We were surprised to learn that she had been diagnosed with Task Specific Focal Dystonia--an incurable neurological disease--in 2003. Years of repetitive guitar movements had caused her brain maps for the right hand fingers to lose their clarity. When she realize she could no longer perform to her own high standards, she left the concert stage. Needing an outlet for her creativity, she took up singing and began songwriting in 2004. Through retraining, she was able to pick up the guitar again. She is back on the concert stage and,with an accompanying guitarist, delighting her many fans with her performances.

Listen to her beautiful voice.

Friday, November 4, 2011

A Fireside Chat with Edeet Ravel

Last night, I joined about twenty people gathered around Edeet Ravel, the first author in the Guelph Public Library's Fireside Chat series.

Born in Israel and raised in Montreal, Edeet now makes Guelph her home. Her background is an impressive one: a PhD in Jewish Studies and a Masters in Creative Writing. Her teaching career spanned twenty years; she taught at McGill, Concordia and John Abbott College.

We were all fascinated by her writing journey. While she has been writing since age twelve, she did not submit her work until her forties. After writing 10,000 Lovers, she spent one hour on the Internet looking for U.K. publishing houses. She addressed twenty different envelopes and enclosed the first five pages of her novel in each one. She did not include a query letter or SASE. One editor responded, asking her to send her novel as an attachment. Two weeks later, the editor made an offer. In the past ten years, Edeet has released ten more books. Many of those books had been written previously; she edited and revamped them after 10,000 Lovers was released.

Edeet shared many tips and tidbits about the world of writing...
  • In Canada, small presses are supported by the Canada Council. They cannot take money from writers, and they are expected to publish seven books a year. 
  • You can send a manuscript to a Canadian publishing house--large and small--without an agent. Edeet does not recommend sending manuscripts to American agents.
  • Edeet relies on her own professional editor. She believes it is important to have get feedback from many readers and to ensure that the final draft is a polished one.
  • You must be excited about your book and want to work on it all the time. If not, give yourself permission to find another topic.
  • Do not be afraid to press Delete. When Edeet rewrote one of her books as Young Adult, only one sentence of the original book survived.
  • Self-published books are expensive and are not eligible for any prizes. Edeet recommends a traditional publisher.
  • Ambition is a big part of making it in the literary world. Publishing houses, especially small ones, expect you to handle your own promotion. How well you do depends upon your energy level, financial investment and motivation.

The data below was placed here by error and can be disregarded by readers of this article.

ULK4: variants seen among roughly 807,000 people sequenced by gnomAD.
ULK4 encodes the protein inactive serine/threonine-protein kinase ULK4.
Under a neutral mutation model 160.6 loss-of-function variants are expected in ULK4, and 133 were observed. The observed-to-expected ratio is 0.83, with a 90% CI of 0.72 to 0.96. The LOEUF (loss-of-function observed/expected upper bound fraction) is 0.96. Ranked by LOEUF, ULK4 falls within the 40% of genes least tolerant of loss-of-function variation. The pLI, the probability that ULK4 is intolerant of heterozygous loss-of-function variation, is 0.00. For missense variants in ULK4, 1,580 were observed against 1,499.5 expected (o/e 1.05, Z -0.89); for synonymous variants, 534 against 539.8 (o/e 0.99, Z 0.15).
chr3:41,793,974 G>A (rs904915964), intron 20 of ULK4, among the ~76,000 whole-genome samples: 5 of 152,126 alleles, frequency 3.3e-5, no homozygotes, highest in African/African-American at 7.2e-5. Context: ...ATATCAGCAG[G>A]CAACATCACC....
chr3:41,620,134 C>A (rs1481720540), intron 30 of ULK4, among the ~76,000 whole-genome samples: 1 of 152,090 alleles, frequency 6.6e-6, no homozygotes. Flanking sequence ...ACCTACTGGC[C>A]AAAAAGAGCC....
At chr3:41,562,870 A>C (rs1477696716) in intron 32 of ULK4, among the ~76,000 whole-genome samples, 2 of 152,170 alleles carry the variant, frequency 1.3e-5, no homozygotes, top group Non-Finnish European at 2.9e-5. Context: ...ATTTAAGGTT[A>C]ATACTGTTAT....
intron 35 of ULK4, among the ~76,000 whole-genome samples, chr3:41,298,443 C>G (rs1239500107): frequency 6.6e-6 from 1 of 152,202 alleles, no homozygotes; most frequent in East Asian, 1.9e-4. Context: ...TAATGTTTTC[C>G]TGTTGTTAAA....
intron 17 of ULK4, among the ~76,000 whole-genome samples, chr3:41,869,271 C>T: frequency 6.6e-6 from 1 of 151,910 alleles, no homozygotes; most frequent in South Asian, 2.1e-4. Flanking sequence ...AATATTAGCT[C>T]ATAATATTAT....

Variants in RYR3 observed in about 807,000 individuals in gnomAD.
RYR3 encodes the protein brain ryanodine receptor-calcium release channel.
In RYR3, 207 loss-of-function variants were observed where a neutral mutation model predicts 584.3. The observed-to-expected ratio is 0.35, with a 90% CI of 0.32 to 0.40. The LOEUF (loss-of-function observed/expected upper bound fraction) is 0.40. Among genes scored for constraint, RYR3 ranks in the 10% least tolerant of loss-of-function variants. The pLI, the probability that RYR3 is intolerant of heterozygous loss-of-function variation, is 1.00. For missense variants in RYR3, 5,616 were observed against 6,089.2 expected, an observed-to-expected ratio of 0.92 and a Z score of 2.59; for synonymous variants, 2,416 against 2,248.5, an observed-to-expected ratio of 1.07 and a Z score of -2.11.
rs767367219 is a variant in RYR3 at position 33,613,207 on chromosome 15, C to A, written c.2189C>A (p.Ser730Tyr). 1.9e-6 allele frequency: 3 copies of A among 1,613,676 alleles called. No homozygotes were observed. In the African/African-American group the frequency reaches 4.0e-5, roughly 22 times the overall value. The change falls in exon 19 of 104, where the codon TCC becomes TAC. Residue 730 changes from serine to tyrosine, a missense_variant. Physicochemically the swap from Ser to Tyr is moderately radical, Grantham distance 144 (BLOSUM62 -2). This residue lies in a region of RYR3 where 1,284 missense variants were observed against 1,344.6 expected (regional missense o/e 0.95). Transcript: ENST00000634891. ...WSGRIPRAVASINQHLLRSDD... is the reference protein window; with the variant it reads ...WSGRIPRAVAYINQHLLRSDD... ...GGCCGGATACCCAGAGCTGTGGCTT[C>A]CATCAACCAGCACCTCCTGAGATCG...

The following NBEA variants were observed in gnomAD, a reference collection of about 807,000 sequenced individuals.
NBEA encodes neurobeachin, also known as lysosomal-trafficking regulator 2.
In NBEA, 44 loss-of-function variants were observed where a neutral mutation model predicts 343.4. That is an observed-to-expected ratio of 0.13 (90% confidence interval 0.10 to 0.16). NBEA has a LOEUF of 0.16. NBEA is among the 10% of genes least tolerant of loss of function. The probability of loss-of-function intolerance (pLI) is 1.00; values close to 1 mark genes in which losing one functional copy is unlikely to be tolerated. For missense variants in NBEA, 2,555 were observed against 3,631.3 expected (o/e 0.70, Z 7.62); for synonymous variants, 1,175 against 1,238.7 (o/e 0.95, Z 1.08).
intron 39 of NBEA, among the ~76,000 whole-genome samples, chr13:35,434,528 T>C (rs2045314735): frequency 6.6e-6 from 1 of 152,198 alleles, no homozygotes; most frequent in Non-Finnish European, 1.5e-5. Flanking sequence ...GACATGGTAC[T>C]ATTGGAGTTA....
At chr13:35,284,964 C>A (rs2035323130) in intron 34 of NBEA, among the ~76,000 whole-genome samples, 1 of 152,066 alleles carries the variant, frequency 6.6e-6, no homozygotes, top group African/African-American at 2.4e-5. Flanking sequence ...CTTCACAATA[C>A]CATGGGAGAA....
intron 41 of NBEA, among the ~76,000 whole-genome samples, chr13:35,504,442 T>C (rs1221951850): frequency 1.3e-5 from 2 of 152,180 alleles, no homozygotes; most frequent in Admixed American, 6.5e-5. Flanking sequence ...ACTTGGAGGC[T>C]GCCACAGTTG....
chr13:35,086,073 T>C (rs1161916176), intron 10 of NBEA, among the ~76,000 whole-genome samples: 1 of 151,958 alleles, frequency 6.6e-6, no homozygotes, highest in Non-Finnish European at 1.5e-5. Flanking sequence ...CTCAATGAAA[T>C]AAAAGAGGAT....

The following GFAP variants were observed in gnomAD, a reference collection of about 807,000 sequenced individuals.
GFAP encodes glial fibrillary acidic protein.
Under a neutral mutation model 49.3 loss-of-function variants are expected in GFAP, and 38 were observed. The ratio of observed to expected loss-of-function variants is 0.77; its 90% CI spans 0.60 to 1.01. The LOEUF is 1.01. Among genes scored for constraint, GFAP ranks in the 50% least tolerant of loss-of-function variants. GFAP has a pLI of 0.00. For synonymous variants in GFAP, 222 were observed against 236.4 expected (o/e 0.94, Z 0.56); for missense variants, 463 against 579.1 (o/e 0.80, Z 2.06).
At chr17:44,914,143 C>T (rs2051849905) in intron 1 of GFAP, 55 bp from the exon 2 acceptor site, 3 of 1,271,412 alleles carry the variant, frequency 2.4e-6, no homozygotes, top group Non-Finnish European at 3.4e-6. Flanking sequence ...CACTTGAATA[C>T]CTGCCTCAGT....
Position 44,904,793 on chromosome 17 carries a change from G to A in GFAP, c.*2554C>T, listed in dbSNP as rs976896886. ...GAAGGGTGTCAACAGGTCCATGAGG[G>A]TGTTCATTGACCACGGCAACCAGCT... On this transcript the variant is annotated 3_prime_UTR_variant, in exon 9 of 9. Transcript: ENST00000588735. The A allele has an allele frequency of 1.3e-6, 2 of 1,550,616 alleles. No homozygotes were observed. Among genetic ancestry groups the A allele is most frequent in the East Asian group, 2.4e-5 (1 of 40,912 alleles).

• We are now in a male era. Books written by men are doing better than those written by women.
  • Novellas are very popular now.

Thursday, November 3, 2011

Published in Spanish

As I was surfing the Internet, I discovered two of my articles had been translated into Spanish.

Check out the following articles: Como Preparar un Curriculum Tecnico and Como Tratar el Prurito Invernal.

Wednesday, November 2, 2011

Dinner with Writers Ink

Last night, four of us gathered at Symposium Restaurant for our monthly dinner meeting. The conversation varied as we discussed literary agents, query letters, social networking, and NaNoWrMo.

I left inspired to continue writing and sending out more query letters.

Visit the blog for Writers Ink.

Tuesday, November 1, 2011

Wellness Care not Sick Care for Baby Boomers

Brampton based chiropractor, Justine Blainey-Broker, delivered a high-energy presentation at the Better Living Boomer Show. She is enthusiastic and passionate about helping us become healthy and independent centenarians.

While I had heard some of the suggestions before, I found the following tips and statistics very interesting:
  • Each year, there are 7.5 million unnecessary surgeries in North America.
  • 75% of major illnesses such as cancer, heart disease and Alzheimer's are preventable if we make appropriate lifestyle changes.
  • In addition to a good quality multivitamin and essential oils, Dr. Blainey recommends we take the following: Vitamins C and D3, Calcium/Magnesium, CoQ10, and Glucosamine.
  • CoQ10 (Coenzyme Q10) helps with memory and stress. It can also delay the onset of Parkinson's Disease.
  • Buy grain-fed or free-range chicken and turkey.
  • If you do not get all your vegetable servings, consider using a juicer to make delicious juices. She recommended a combination of kale, banana and mango.
  • Arthritis is not a function of age. It is due mainly to lack of maintenance. Like cars, our bodies need to be driven and have regular maintenance checks. 
  • One in two women and one in eight men will suffer an osteoporosis-related fracture in their lives.
  • Be careful when taking anti-inflammatory medications. They can cause health problems with the gastro-intestinal system, liver and kidneys.

Monday, October 31, 2011

All About Bedroom Makeovers

Rebecca Webster and Dvira Ovadia from CityTV's Downright Domestic lifestyle show provided us with an impressive 30-minute bedroom makeover at the International Home Show. They went through the following ten steps:
  1. Wardrobe--A portable closet is a good solution for anyone who needs extra storage for clothing. It can be easily assembled and placed in a dorm room, cottage or master bedroom.